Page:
The following was originally issued as a supplement to the July 1988 issue of the _America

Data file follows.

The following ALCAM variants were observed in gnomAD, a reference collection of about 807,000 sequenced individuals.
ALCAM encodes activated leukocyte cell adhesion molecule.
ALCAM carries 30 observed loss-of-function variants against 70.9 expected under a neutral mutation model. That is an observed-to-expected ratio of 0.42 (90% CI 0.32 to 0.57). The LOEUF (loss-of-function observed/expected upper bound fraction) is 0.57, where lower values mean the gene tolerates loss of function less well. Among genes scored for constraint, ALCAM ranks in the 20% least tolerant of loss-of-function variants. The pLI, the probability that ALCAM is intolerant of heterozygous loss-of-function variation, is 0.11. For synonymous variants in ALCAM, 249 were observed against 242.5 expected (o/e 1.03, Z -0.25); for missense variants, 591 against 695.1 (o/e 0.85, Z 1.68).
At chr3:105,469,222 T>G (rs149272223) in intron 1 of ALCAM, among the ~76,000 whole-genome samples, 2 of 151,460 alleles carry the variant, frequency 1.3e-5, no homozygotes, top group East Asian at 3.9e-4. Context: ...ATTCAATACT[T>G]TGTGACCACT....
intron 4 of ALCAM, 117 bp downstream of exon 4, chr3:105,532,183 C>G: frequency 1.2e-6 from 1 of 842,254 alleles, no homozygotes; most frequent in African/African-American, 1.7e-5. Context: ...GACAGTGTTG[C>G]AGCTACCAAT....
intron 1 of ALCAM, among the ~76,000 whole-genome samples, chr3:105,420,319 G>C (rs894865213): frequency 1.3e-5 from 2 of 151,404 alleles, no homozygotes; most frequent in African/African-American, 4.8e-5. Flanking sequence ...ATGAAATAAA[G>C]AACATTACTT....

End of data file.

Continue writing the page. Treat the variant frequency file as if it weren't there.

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The following was originally issued as a supplement to the July 1988 issue of the _American Atheist_ magazine. ***************************** THE SCHOOL PRAYER DECISION Just twenty-five years ago, June 17, 1963, the Supreme Court of the United States kicked reverential Bible reading and prayer recitation out of the nation's public schools. To celebrate that decision, which upheld our First Amendment right to freedom _from_ religious ceremonies, the _American Atheist_ presents its readers with a commemorative reprint of the Supreme Court's opinion. INTRODUCTION In late 1959, Madalyn Murray (O'Hair) entered a son in the public schools of Baltimore, Maryland, only to discover that he would be forced to participate in reverential Bible reading and unison prayers. The only "relief" that the public school system would offer to an Atheist child was that he could sit in the hallway while his peers prayed. She therefore began the legal proceedings which would culminate in the United States Supreme Court decision on school prayer in _Murray v. Curlett._ While the case worked its way to the Supreme Court over a four-year span, the Murray family suffered abuse both petty and profound, physical and psychological. Yet there was one last act of pettiness committed by the Supreme Court of the United States itself. The _Murray v. Curlett_ case was logged as No. 119 and its arguments were heard before the Court on February 27, 1963. A second case regarding school prayers in Pennsylvania, _Abington Township v. Schempp,_ was later accepted for review by the Court and logged as No. 142. Its arguments were heard after the arguments in _Murray._ The cases were, however, decided together. Traditionally, when cases are joined by the Supreme Court, the case accepted and heard first is the case for which the decision is named. But this decision is noted in law books as _Abington v. Schempp._ Why? The plaintiffs in _Murray v. Curlett_ were the most notorious Atheists in the nation. The plaintiffs in the Pennsylvania case of _Abington_ were Unitarians who described themselves as regularly attending "religious services." The Atheists were to be deprived, in legal history, of any recognition. The portion of the decision dealing with the _Murray_ case is reprinted here for your edification. ************************ William J. MURRAY III, etc., et al. Petitioners, v. John N. CURLETT, President, et al., Individually, and Constituting the Board of School Commissioners of Baltimore City. 374 U.S. 203, 83 S. Ct. 1560. No. 119 Argued Feb. 27, 1963. Decided June 17, 1963. Mr. Justice CLARK delivered the opinion of the Court. Once again we are called upon to consider the scope of the provision of the First Amendment to the United States Constitution which declares that "Congress shall make no law respecting an establishment of religion, or prohibiting the free exercise thereof . . ." These companion cases present the issues in the context of state action requiring that schools begin each day with readings from the Bible. While raising the basic questions under slightly different factual situations, the cases permit of joint treatment. In light of the history of the First Amendment and of our cases interpreting and applying its requirements, we hold that the practices at issue and the laws requiring them are unconstitutional under the Establishment Clause, as applied to the States through the Fourteenth Amendment. I. _The Facts in Each Case:_ . . . No. 119. In 1905 the Board of School Commissioners of Baltimore City adopted a rule pursuant to Art. 77, Sec. 202 of the Annotated Code of Maryland. The rule provided for the holding of opening exercises in the schools of the city, consisting primarily of the "reading, without comment, of a chapter in the Holy Bible and/or the use of the Lord's Prayer." The petitioners, Mrs. Madalyn Murray and her son, William J. Murray III, are both professed atheists. Following unsuccessful attempts to have the respondent school board rescind the rule, this suit was filed for mandamus to compel its rescission and cancellation. It was alleged that William was a student in a public school of the city and Mrs. Murray, his mother, was a taxpayer therein; that it was the practice under the rule to have a reading on each school morning from the King James version of the Bible; that at petitioners' insistence the rule was amended [Fn. 1: The rule as amended provided as follows: "Opening Exercises. Each school, either collectively or in classes, shall be opened by the reading, without comment, of a chapter in the Holy Bible and/or the use of the Lord's Prayer. The Douay version may be used by those pupils who prefer it. Appropriate patriotic exercises should be held as a part of the general opening exercise of the school or class. Any child shall be excused from participating in the opening exercises or from attending the opening exercises upon the written request of his parent or guardian."] to permit children to be excused from the exercise on request of the parent and that William had been excused pursuant thereto; that nevertheless the rule as amended was in violation of the petitioners' rights "to freedom of religion under the First and Fourteenth Amendments" and in violation of "the principle of separation between church and state, contained therein. . . . " The petition particularized the petitioners' atheistic beliefs and stated that the rule, as practiced, violated their rights "in that it threatens their religious liberty by placing a premium on belief as against non-belief and subjects their freedom of conscience to the rule of the majority; it pronounces belief in God as the source of all moral and spiritual values, equating these values with religious values, and thereby renders sinister, alien and suspect the beliefs and ideals of your Petitioners, promoting doubt and question of their morality, good citizenship and good faith." The respondents demurred and the trial court, recognizing that the demurrer admitted all facts well pleaded, sustained it without leave to amend. The Maryland Court of Appeals affirmed, the majority of four justices holding the exercise not in violation of the First and Fourteenth Amendments, with three justices dissenting. 228 Md. 239, 179 A.2d 698. We granted certiorari. 371 U.S. 809, 83 S.Ct. 21, 9 L.Ed.2d 52. II. It is true that religion has been closely identified with our history and government. As we said in _Engel v. Vitale,_ 370 U.S. 421, 434, 82 S.Ct. 1261, 1268, 8 L.Ed.2d 601 (1962), "The history of man is inseparable from the history of religion. And . . . since the beginning of that history many people have devoutly believed that `More things are wrought by prayer than this world dreams of.' " In _Zorach v. Clauson,_ 343 U.S. 306, 313, 72 S.Ct. 679, 684, 96 L.Ed. 954 (1952), we gave specific recognition to the proposition that "[w]e are a religious people whose institutions presuppose a Supreme Being." The fact that the Founding Fathers believed devotedly that there was a God and that the unalienable rights of man were rooted in Him is clearly evidenced in their writings, from the Mayflower Compact to the Constitution itself. This background is evidenced today in our public life through the continuance in our oaths of office from the Presidency to the Alderman of the final supplication, "So help me God." Likewise each House of the Congress provides through its Chaplain an opening prayer, and the sessions of this Court are declared open by the crier in a short ceremony, the final phrase of which invokes the grace of God. Again, there are such manifestations in our military forces, where those of our citizens who are under the restrictions of military service wish to engage in voluntary worship. Indeed, only last year an official survey of the country indicated that 64% of our people have church membership, Bureau of the Census, U.S. Department of Commerce, _Statistical Abstract of the United States_ (83d ed. 1962), 48, while less than 3% profess no religion whatever. Id., at p. 46. It can be truly said, therefore, that today, as in the beginning, our national life reflects a religious people who, in the words of Madison, are "earnestly praying, as . . . in duty bound, that the Supreme Lawgiver of the Universe . . . guide them into every measure which may be worthy of his [blessing . . .]" Memorial and Remonstrance Against Religious Assessments, quoted in _Everson v. Board of Education,_ 330 U.S. 1, 71-72, 67 S.Ct. 504, 538-539, 91 L.Ed. 711 (1947) (Appendix to dissenting opinion of Rutledge, J.) This is not to say, however, that religion has been so identified with our history and government that religious freedom is not likewise as strongly imbedded in our public and private life. Nothing but the most telling of personal experiences in religious persecution suffered by our forebears, see _Everson v. Board of Education,_ supra, 330 U.S., at 8-11, 67 S.Ct., at 507-509, 91 L.Ed. 711, could have planted our belief in liberty of religious opinion any more deeply in our heritage. It is true that this liberty frequently was not realized by the colonists, but this is readily accountable by their close ties to the Mother Country. [Fn. 2: There were established churches in at least eight of the original colonies, and various degrees of religious support in others as late as the Revolutionary War. See _Engel v. Vitale,_ supra, 370 U.S., at 428, n. 10, 82 S.Ct., at 1265, 8 L.Ed.2d 601.] However, the views of Madison and Jefferson, preceded by Roger Williams, [Fn. 3: "There goes many a ship to sea, with many hundred souls in one ship, whose weal and woe is common, and is a true picture of a commonwealth, or human combination, or society. It hath fallen out sometimes, that both Papists and Protestants, Jews and Turks, may be embarked in one ship; upon which supposal, I affirm that all the liberty of conscience I ever pleaded for, turns upon these two hinges, that none of the Papists, Protestants, Jews, or Turks be forced to come to the ship's prayers or worship, nor compelled from their own particular prayers or worship, if they practice any."] came to be incorporated not only in the Federal Constitution but likewise in those of most of our States. This freedom to worship was indispensable in a country whose people came from the four quarters of the earth and brought with them a diversity of religious opinion. Today authorities list eighty-three separate religious bodies, each with membership exceeding 50,000, existing among our people, as well as innumerable smaller groups. Bureau of the Census, op. cit., supra, at 46-47. III. Almost a hundred years ago in _Minor v. Board of Education of Cincinnati,_ [Fn. 4: Superior Court of Cincinnati, February 1870. The opinion is not reported but is published under the title, _The Bible in the Common Schools_ (Cincinnati: Robert Clarke & Co. 1870). Judge Taft's views, expressed in dissent, prevailed on appeal. See _Board of Education of Cincinnati v. Minor,_ 23 Ohio St. 211, 253 (1872), in which the Ohio Supreme Court held that: "The great bulk of human affairs and human interests is left by any free government to individual enterprise and individual action. Religion is eminently one of these interests, lying outside the true and legitimate province of government."] Judge Alphonso Taft, father of the revered Chief Justice, in an unpublished opinion stated the ideal of our people as to religious freedom as one of "absolute equality before the law, of all religious opinions and sects . . . The government is neutral, and, while protecting all, it prefers none, and it _disparages_ none." Before examining this "neutral" position in which the Establishment and Free Exercise Clauses of the First Amendment place our Government it is well that we discuss the reach of the Amendment under the cases of this Court. [1] First, this Court has decisively settled that the First Amendment's mandate that "Congress shall make no law respecting an establishment of religion, or prohibiting the free exercise thereof" has been made wholly applicable to the States by the Fourteenth Amendment. Twenty-three years ago in _Cantwell v. Connecticut,_ 310 U.S. 296, 303, 60 S.Ct. 900, 903, 84 L.Ed. 1213 (1940), this Court, through Mr. Justice Roberts, said: "The fundamental concept of liberty embodied in that [Fourteenth] Amendment embraces the liberties guaranteed by the First Amendment. The First Amendment declares that Congress shall make no law respecting an establishment of religion or prohibiting the free exercise thereof. The Fourteenth Amendment has rendered the legislatures of the states as incompetent as Congress to enact such laws. . . .[Fn. 5: Application to the States of other clauses of the First Amendment obtained even before Cantwell. Almost 40 years ago in the opinion of the Court in Gitlow v. People of State of New York, 268 U.S. 652, 666, 45 S.Ct. 625, 630, 69 L.Ed. 1138 (1925), Mr. Justice Sanford said: "For present purposes we may and do assume that freedom of speech and of the press _ which are protected by the First Amendment from abridgment by Congress _ are among the fundamental personal rights and `liberties' protected by the due process clause of the Fourteenth Amendment from impairment by the States."]" In a series of cases since _Cantwell_ the Court has repeatedly reaffirmed that doctrine, and we do so now. _Murdock v. Commonwealth of Pennsylvania,_ 319 U.S. 105, 108, 63 S.Ct. 870, 872, 87 L.Ed. 1292 (1943); _Everson v. Board of Education,_ supra; Illinois ex rel. _McCollum v. Board of Education,_ 333 U.S. 203, 210-211, 68 S.Ct. 461, 464-465, 92 L.Ed. 648 (1948); _Zorach v. Clauson,_ supra; _McGowan v. Maryland,_ 366 U.S. 420, 81 S.Ct. 1101, 6 L.Ed. 2d 393 (1961); _Torcaso v. Watkins,_ 367 U.S. 488, 81 S.Ct. 1680, 6 L.Ed.2d 982 (1961); and _Engel v. Vitale,_ supra. [2] Second, this Court has rejected unequivocally the contention that the Establishment Clause forbids only governmental preference of one religion over another. Almost 20 years ago in _Everson,_ supra, 330 U.S., at 15, 67 S.Ct., at 511, 91 L.Ed. 711, the Court said that "[n]either a state nor the Federal Government can set up a church. Neither can pass laws which aid one religion, aid all religions, or prefer one religion over another." And Mr. Justice Jackson, dissenting, agreed: "There is no answer to the proposition . . . that the effect of the religious freedom Amendment to our Constitution was to take every form of propagation of religion out of the realm of things which could directly or indirectly be made public business and thereby be supported in whole or in part at taxpayers' expense. . . . This freedom was first in the forefathers' minds; it was set forth in absolute terms, and its strength is its rigidity. Id., 330 U.S., at 26, 67 S.Ct., at 516, 91 L.Ed. 711." Further, Mr. Justice Rutledge, joined by Justices Frankfurter, Jackson and Burton, declared: "The [First] Amendment's purpose was not to strike merely at the official establishment of a single sect, creed or religion, outlawing only a formal relation such as had prevailed in England and some of the colonies. Necessarily it was to uproot all such relationships. But the object was broader than separating church and state in this narrow sense. It was to create a complete and permanent separation of the spheres of religious activity and civil authority by comprehensively forbidding every form of public aid or support for religion. Id., 330 U.S., at 31-32, 67 S.Ct., at 519, 91 L.Ed. 711." The same conclusion has been firmly maintained ever since that time, see _Illinois ex rel. McCollum,_ supra, 333 U.S., at pp. 210-211, 68 S.Ct., at pp. 464-465, 92 L.Ed. 648; _McGowan v. Maryland,_ supra, 366 U.S., at 442-443, 81 S.Ct., at 1113-1114, 6 L.Ed.2d 393; _Torcaso v. Watkins,_ supra, 367 U.S., at 492-493, 495, 81 S.Ct., at 1682-1683, 1684, 6 L. Ed.2d 982, and we reaffirm it now. While none of the parties to either of these cases has questioned these basic conclusions of the Court, both of which have been long established, recognized and consistently reaffirmed, others continue to question their history, logic and efficacy. Such contentions, in the light of the consistent interpretation in cases of this Court, seem entirely untenable and of value only as academic exercises. IV. The interrelationship of the Establishment and the Free Exercise Clauses was first touched upon by Mr. Justice Roberts for the Court in _Cantwell v. Connecticut,_ supra, 310 U.S., at 303-304, 60 S.Ct., at 903, 84 L.Ed. 1213, where it was said that their "inhibition of legislation" had "a double aspect. On the one hand, it forestalls compulsion by law of the acceptance of any creed or the practice of any form of worship. Freedom of conscience and freedom to adhere to such religious organization or form of worship as the individual may choose cannot be restricted by law. On the other hand, it safeguards the free exercise of the chosen form of religion. Thus the Amendment embraces two concepts, -- freedom to believe and freedom to act. The first is absolute but, in the nature of things, the second cannot be." A half dozen years later in _Everson v. Board of Education,_ supra, 330 U.S., at 14-15, 67 S.Ct., at 511, 91 L.Ed. 711, this Court, through Mr. Justice BLACK, stated that the "scope of the First Amendment . . . was designed forever to suppress" the establishment of religion or the prohibition of the free exercise thereof. In short, the Court held that the Amendment "requires the state to be neutral in its relations with groups of religious believers and non-believers; it does not require the state to be their adversary. State power is no more to be used so as to handicap religions, than it is to favor them. Id., 330 U.S., at 18, 67 S.Ct. at 513, 91 L.Ed. 711." And Mr. Justice Jackson, in dissent, declared that public schools are organized "on the premise that secular education can be isolated from all religious teaching so that the school can inculcate all needed temporal knowledge and also maintain a strict and lofty neutrality as to religion. The assumption is that after the individual has been instructed in worldly wisdom he will be better fitted to choose his religion. Id., 330 U.S., at 23-24, 67 S.Ct. at 515, 91 L.Ed. 711." Moreover, all of the four dissenters, speaking through Mr. Justice Rutledge, agreed that "Our constitutional policy . . . does not deny the value or the necessity for religious training, teaching or observance. Rather it secures their free exercise. But to that end it does deny that the state can undertake or sustain them in any form or degree. For this reason the sphere of religious activity, as distinguished from the secular intellectual liberties, has been given the twofold protection and, as the state cannot forbid, neither can it perform or aid in performing the religious function. The dual prohibition makes that function altogether private. Id., 330 U.S., at 52, 67 S.Ct., at 529, 91 L.Ed. 711." Only one year later the Court was asked to reconsider and repudiate the doctrine of these cases in _McCollum v. Board of Education._ It was argued that "historically the First Amendment was intended to forbid only government preference of one religion over another . . . In addition they ask that we distinguish or overrule our holding in the _Everson_ case that the Fourteenth Amendment made the `establishment of religion' clause of the First Amendment applicable as a prohibition against the States." 333 U.S., at 211, 68 S.Ct., at 465, 92 L.Ed. 648. The Court, with Mr. Justice Reed alone dissenting, was unable to "accept either of these contentions." Ibid. Mr. Justice Frankfurter, joined by Justices Jackson, Rutledge and Burton, wrote a very comprehensive and scholarly concurrence in which he said that "[s]eparation is a requirement to abstain from fusing functions of Government and of religious sects, not merely to treat them all equally." Id., 333 U.S., at 227, 68 S.Ct., at 473, 92 L.Ed. 648. Continuing, he stated that: "the Constitution . . . prohibited the Government common to all from becoming embroiled, however innocently, in the destructive religious conflicts of which the history of even this country records some dark pages. Id., 333 U.S., at 228, 68 S.Ct., at 473, 92 L.Ed. 648." In 1952 in _Zorach v. Clauson,_ supra, Mr. Justice DOUGLAS for the Court reiterated: "There cannot be the slightest doubt that the First Amendment reflects the philosophy that Church and State should be separated. And so far as interference with the 'free exercise' of religion and an 'establishment' of religion are concerned, the separation must be complete and unequivocal. The First Amendment within the scope of its coverage permits no exception; the prohibition is absolute. The First Amendment, however, does not say that in every and all respects there shall be a separation of Church and State. Rather, it studiously defines the manner, the specific ways, in which there shall be no concert or union or dependency one on the other. That is the common sense of the matter. 343 U.S., at 312, 72 S.Ct., at 683, 96 L.Ed. 954. And then in 1961 in _McGowan v. Maryland_ and in _Torcaso v. Watkins_ each of these cases was discussed and approved. Chief Justice WARREN in McGowan, for a unanimous Court on this point, said: "But, the First Amendment, in its final form, did not simply bar a congressional enactment _establishing_a_church;_it_forbade_all_laws_ respecting an establishment of religion. Thus, this Court has given the Amendment a 'broad interpretation . . .' in the light of its history and the evils it was designed forever to suppress. . . . 366 U.S., at 441-442, 81 S.Ct., at 1113, 6 L.Ed.2d 393." And Mr. Justice BLACK for the Court in _Torcaso,_ without dissent but with Justices FRANKFURTER and HARLAN concurring in the result, used this language: "We repeat and again reaffirm that neither a State nor the Federal Government can constitutionally force a person 'to profess a belief or disbelief in any religion.' Neither can constitutionally pass laws or impose requirements which aid all religions as against non-believers, and neither can aid those religions based on a belief in the existence of God as against those religions founded on different beliefs. 367 U.S., at 495, 81 S.Ct., at 1683, 6 L.Ed.2d 982." Finally, in _Engel v. Vitale,_ only last year, these principles were so universally recognized that the Court, without the citation of a single case and over the sole dissent of Mr. Justice STEWART, reaffirmed them. The Court found the 22-word prayer used in "New York's program of daily classroom invocation of God's blessings as prescribed in the Regents' prayer . . . [to be] a religious activity." 370 U.S., at 424, 82 S.Ct., at 1264, 8 L.Ed.2d 601. It held that "it is no part of the business of government to compose official prayers for any group of the American people to recite as a part of a religious program carried on by government." Id., 370 U.S., at 425, 82 S.Ct., at 1264, 8 L.Ed.2d 601. In discussing the reach of the Establishment and Free Exercise Clauses of the First Amendment the Court said: "Although these two clauses may in certain instances overlap, they forbid two quite different kinds of governmental encroachment upon religious freedom. The Establishment Clause, unlike the Free Exercise Clause, does not depend upon any showing of direct governmental compulsion and is violated by the enactment of laws which establish an official religion whether those laws operate directly to coerce nonobserving individuals or not. This is not to say, of course, that laws officially prescribing a particular form of religious worship do not involve coercion of such individuals. When the power, prestige and financial support of government is placed behind a particular religious belief, the indirect coercive pressure upon religious minorities to conform to the prevailing officially approved religion is plain. Id., 370 U.S., at 430-431, 82 S.Ct., at 1267, 8 L.Ed.2d 601." And in further elaboration the Court found that the "first and most immediate purpose [of the Establishment Clause] rested on the belief that a union of government and religion tends to destroy government and to degrade religion." Id., 370 U.S. at 431, 82 S.Ct., at 1267, 8 L.Ed.2d 601. When government, the Court said, allies itself with one particular form of religion, the inevitable result is that it incurs "the hatred, disrespect and even contempt of those who held contrary beliefs." Ibid. V. [3-9] The wholesome "neutrality" of which this Court's cases speak thus stems from a recognition of the teachings of history that powerful sects or groups might bring about a fusion of governmental and religious functions or a concert or dependency of one upon the other to the end that official support of the State or Federal Government would be placed behind the tenets of one or of all orthodoxies. This the Establishment Clause prohibits. And a further reason for neutrality is found in the Free Exercise Clause, which recognizes the value of religious training, teaching and observance and, more particularly, the right of every person to freely choose his own course with reference thereto, free of any compulsion from the state. This the Free Exercise Clause guarantees. Thus, as we have seen, the two clauses may overlap. As we have indicated, the Establishment Clause has been directly considered by this Court eight times in the past score of years and, with only one Justice dissenting on the point, it has consistently held that the clause withdrew all legislative power respecting religious belief or the expression thereof. The test may be stated as follows: what are the purpose and the primary effect of the enactment? If either is the advancement or inhibition of religion then the enactment exceeds the scope of legislative power as circumscribed by the Constitution. That is to say that to withstand the strictures of the Establishment Clause there must be a secular legislative purpose and a primary effect that neither advances nor inhibits religion. _Everson v. Board of Education,_ supra; _McGowan v. Maryland,_ supra, 366 U.S., at 442, 81 S.Ct. at 1113-1114, 6 L.Ed.2d 393. The Free Exercise Clause, likewise considered many times here, withdraws from legislative power, state and federal, the exertion of any restraint on the free exercise of religion. Its purpose is to secure religious liberty in the individual by prohibiting any invasions thereof by civil authority. Hence it is necessary in a free exercise case for one to show the coercive effect of the enactment as it operates against him in the practice of his religion. The distinction between the two clauses is apparent -- a violation of the Free Exercise Clause is predicated on coercion while the Establishment Clause violation need not be so attended. [10] Applying the Establishment Clause principles to the cases at bar we find the States are requiring the selection and reading at the opening of the school day of verses from the Holy Bible and the recitation of the Lord's Prayer by the students in unison. These exercises are prescribed as part of the curricular activities of students who are required by law to attend school. They are held in the school buildings under the supervision and with the participation of teachers employed in those schools. None of these factors, other than compulsory school attendance, was present in the program upheld in _Zorach v. Clauson._ The trial court in No. 142 has found that such an opening exercise is a religious ceremony and was intended by the State to be so. We agree with the trial court's finding as to the religious character of the exercises. Given that finding, the exercises and the law requiring them are in violation of the Establishment Clause. [11] There is no such specific finding as to the religious character of the exercises in No. 119, and the State contends (as does the State in No. 142) that the program is an effort to extend its benefits to all public school children without regard to their religious belief. Included within its secular purposes, it says, are the promotion of moral values, the contradiction to the materialistic trends of our times, the perpetuation of our institutions and the teaching of literature. The case came up on demurrer, of course, to a petition which alleged that the uniform practice under the rule had been to read from the King James version of the Bible and that the exercise was sectarian. The short answer, therefore, is that the religious character of the exercise was admitted by the State. But even if its purpose is not strictly religious, it is sought to be accomplished through readings, without comment, from the Bible. Surely the place of the Bible as an instrument of religion cannot be gainsaid, and the State's recognition of the pervading religious character of the ceremony is evident from the rule's specific permission of the alternative use of the Catholic Douay version as well as the recent amendment permitting nonattendance at the exercises. None of these factors is consistent with the contention that the Bible is here used either as an instrument for nonreligious moral inspiration or as a reference for the teaching of secular subjects. [12-16] The conclusion follows that in both cases the laws require religious exercises and such exercises are being conducted in direct violation of the rights of the appellees and petitioners. [Fn. 6: It goes without saying that the laws and practices involved here can be challenged only by persons having standing to complain. But the requirements for standing to challenge state action under the Establishment Clause, unlike those relating to the Free Exercise Clause, do not include proof that particular religious freedoms are infringed. _McGowan v. Maryland,_ supra, 366 U.S., at 429-430, 81 S.Ct., at 1106-1107, 6 L.Ed.2d 393. The parties here are school children and their parents, who are directly affected by the laws and practices against which their complaints are directed. These interests surely suffice to give the parties standing to complain. See _Engel v. Vitale,_ supra. Cf. _McCollum v. Board of Education,_ supra; _Everson v. Board of Education,_ supra. Compare _Doremus v. Board of Education,_ 342 U.S. 429, 72 S.Ct. 394, 96 L.Ed. 475 (1952), which involved the same substantive issues presented here. The appeal was there dismissed upon the graduation of the school child involved and because of the appellants' failure to establish standing as taxpayers.] Nor are these required exercises mitigated by the fact that individual students may absent themselves upon parental request, for that fact furnishes no defense to a claim of unconstitutionality under the Establishment Clause. See _Engel v. Vitale,_ supra, 370 U.S., at 430, 82 S.Ct., at 1266-1267, 8 L.Ed.2d 601. Further, it is no defense to urge that the religious practices here may be relatively minor encroachments on the First Amendment. The breach of neutrality that is today a trickling stream may all too soon become a raging torrent and, in the words of Madison, "it is proper to take alarm at the first experiment on our liberties." Memorial and Remonstrance Against Religious Assessments, quoted in _Everson,_ supra, 330 U.S., at 65, 67 S.Ct., at 536, 91 L.Ed. 711. [17, 18] It is insisted that unless these religious exercises are permitted a "religion of secularism" is established in the schools. We agree of course that the State may not establish a "religion of secularism" in the sense of affirmatively opposing or showing hostility to religion, thus "preferring those who believe in no religion over those who do believe." _Zorach v. Clauson,_ supra, 343 U.S., at 314, 72 S.Ct., at 684, 96 L.Ed. 954. We do not agree, however, that this decision in any sense has that effect. In addition, it might well be said that one's education is not complete without a study of comparative religion or the history of religion and its relationship to the advancement of civilization. It certainly may be said that the Bible is worthy of study for its literary and historic qualities. Nothing we have said here indicates that such study of the Bible or of religion, when presented objectively as part of a secular program of education, may not be effected consistently with the First Amendment. But the exercises here do not fall into those categories. They are religious exercises, required by the States in violation of the command of the First Amendment that the Government maintain strict neutrality, neither aiding nor opposing religion. [19, 20] Finally, we cannot accept that the concept of neutrality, which does not permit a State to require a religious exercise even with the consent of the majority of those affected, collides with the majority's right to free exercise of religion. [Fn. 7: We are not of course presented with and therefore do not pass upon a situation such as military service, where the Government regulates the temporal and geographic environment of individuals to a point that, unless it permits voluntary religious services to be conducted with the use of government facilities, military personnel would be unable to engage in the practice of their faiths.] While the Free Exercise Clause clearly prohibits the use of state action to deny the rights of free exercise to _anyone,_ it has never meant that a majority could use the machinery of the State to practice its beliefs. Such a contention was effectively answered by Mr. Justice Jackson for the Court in _West Virginia Board of Education v. Barnette,_ 319 U.S. 624, 638, 63 S.Ct. 1178, 1185, 87 L.Ed. 1628 (1943): "The very purpose of a Bill of Rights was to withdraw certain subjects from the vicissitudes of political controversy, to place them beyond the reach of majorities and officials and to establish them as legal principles to be applied by the courts. One's right to . . . freedom of worship . . . and other fundamental rights may not be submitted to vote; they depend on the outcome of no elections." [21] The place of religion in our society is an exalted one, achieved through a long tradition of reliance on the home, the church and the inviolable citadel of the individual heart and mind. We have come to recognize through bitter experience that it is not within the power of government to invade that citadel, whether its purpose or effect be to aid or oppose, to advance or retard. In the relationship between man and religion, the State is firmly committed to a position of neutrality. Though the application of that rule requires interpretation of a delicate sort, the rule itself is clearly and concisely stated in the words of the First Amendment. Applying that rule to the facts of these cases, we affirm the judgment in No. 142. In No. 119, the judgment is reversed and the cause remanded to the Maryland Court of Appeals for further proceedings consistent with this opinion. It is so ordered. MR. JUSTICE DOUGLAS, CONCURRING. I join the opinion of the Court and add a few words in explanation. While the Free Exercise Clause of the First Amendment is written in terms of what the State may not require of the individual, the Establishment Clause, serving the same goal of individual religious freedom, is written in different terms. Establishment of a religion can be achieved in several ways. The church and state can be one; the church may control the state or the state may control the church; or the relationship may take one of several possible forms of a working arrangement between the two bodies. [Fn. 8: See Bates, _Religious Liberty: An Inquiry_ (1945), 9-14, 239-252; Cobb, _Religious Liberty in America_ (1902), 1-2, cc. IV, V; Gledhill, _Pakistan, The Development of its Laws and Constitution_ (8 British Commonwealth, 1957), 11-15; Keller, _Church and State on the European Continent_ (1936), c. 2; Pfeffer, _Church, State, and Freedom_ (1953), c. 2; I Stokes, _Church and State in the United States_ (1950), 151-169/] Under all of these arrangements the church typically has a place in the state's budget, and church law usually governs such matters as baptism, marriage, divorce and separation, at least for its members and sometimes for the entire body politic. [Fn. 9: See III Stokes, op. cit., supra, n. 1, 42-67; Bates, op. cit., supra, n. 1, 9-11, 58-59, 98, 245; Gledhill, op. cit., supra, n. 1, 128, 192, 205, 208; Rackman, _Israel's Emerging Constitution_ (1955), 120-134; Drinan, _Religious Freedom in Israel,_ America (Apr. 6, 1963), 456-457.] Education, too, is usually high on the priority list of church interests. [Fn. 10: See II Stokes, op. sit., supra, n. 1, 488-548; Boles, _The Bible, Religion, and the Public Schools_ (2d ed. 1963), 4-10; Rackman, op. cit., supra, n. 2, at 136-141; O'Brien, _The Engel Case From A Swiss Perspective,_ 61 Mich.L.Rev. 1069; Freund, _Muslim Education in West Pakistan,_ 56 Religious Education 31.] In the past schools were often made the exclusive responsibility of the church. Today in some state-church countries the state runs the public schools, but compulsory religious exercises are often required of some or all students. Thus, under the agreement Franco made with the Holy See when he came to power in Spain, "The Church regained its place in the national budget. It insists on baptizing all children and has made the catechism obligatory in state schools." [Fn. 11: Bates, op. cit., supra, n. 1, at 18; Pfeffer, op. cit., supra, n. 1, at 28-31; Thomas, _The Balance of Forces in Spain,_ 41 Foreign Affairs 208, 210.] The vice of all such arrangements under the Establishment Clause is that the state is lending its assistance to a church's efforts to gain and keep adherents. Under the First Amendment it is strictly a matter for the individual and his church as to what church he will belong to and how much support, in the way of belief, time, activity or money, he will give to it. "This pure Religious Liberty declared . . . [all forms of church-state relationships] and their fundamental idea to be oppressions of conscience and abridgments of that liberty which God and nature had conferred on every living soul." [Fn. 12: Cobb, op. cit., supra, n. 1, at 2.] In these cases we have no coercive religious exercise aimed at making the students conform. The prayers announced are not compulsory, though some may think they have that indirect effect because the nonconformist student may be induced to participate for fear of being called an "oddball." But that coercion, if it be present, has not been shown; so the vices of the present regimes are different. These regimes violate the Establishment Clause in two different ways. In each case the State is conducting a religious exercise; and, as the Court holds, that cannot be done without violating the "neutrality" required of the State by the balance of power between individual, church and state that has been struck by the First Amendment. But the Establishment Clause is not limited to precluding the State itself from conducting religious exercises. It also forbids the State to employ its facilities or funds in a way that gives any church, or all churches, greater strength in our society than it would have by relying on its members alone. Thus, the present regimes must fall under that clause for the additional reason that public funds, though small in amount, are being used to promote a religious exercise. Through the mechanism of the State, all of the people are being required to finance a religious exercise that only some of the people want and that violates the sensibilities of others. _The most effective way to establish any institution is to finance it; and this truth is reflected in the appeals by church groups for public funds to finance their religious schools._ [Fn. 13: See II Stales, op. cit., supra, n. 1, at 681-695.] Financing a church either in its strictly religious activities or in its other activities is equally unconstitutional, as I understand the Establishment Clause. Budgets for one activity may be technically separable from budgets for others. [Fn. 14: See _Accountants' Handbook_ (4th ed. 1956) 4.8-4.15.] But the institution is an inseparable whole, a living organism, which is strengthened in proselytizing when it is strengthened in any department by contributions from other than its own members. Such contributions may not be made by the State even in the minor degree without violating the Establishment Clause. It is not the amount of public funds expended; as this case illustrates, it is the use to which public funds are put that is controlling. For the First Amendment does not say that some forms of establishment are allowed; it says that "no law respecting an establishment of religion" shall be made. What may not be done directly may not be done indirectly lest the Establishment Clause become a mockery. ************************************************************* Text prepared and distributed by American Atheist Online Services, P O Box 140195, Austin, TX 78714-0195. Voice: (512) 458-1244. BBS: (512) 302-0223. This text may be freely downloaded, reprinted, and/other otherwise redistributed, provided its contents are not changed and appropriate point of origin credit is given to American Atheist Online Services.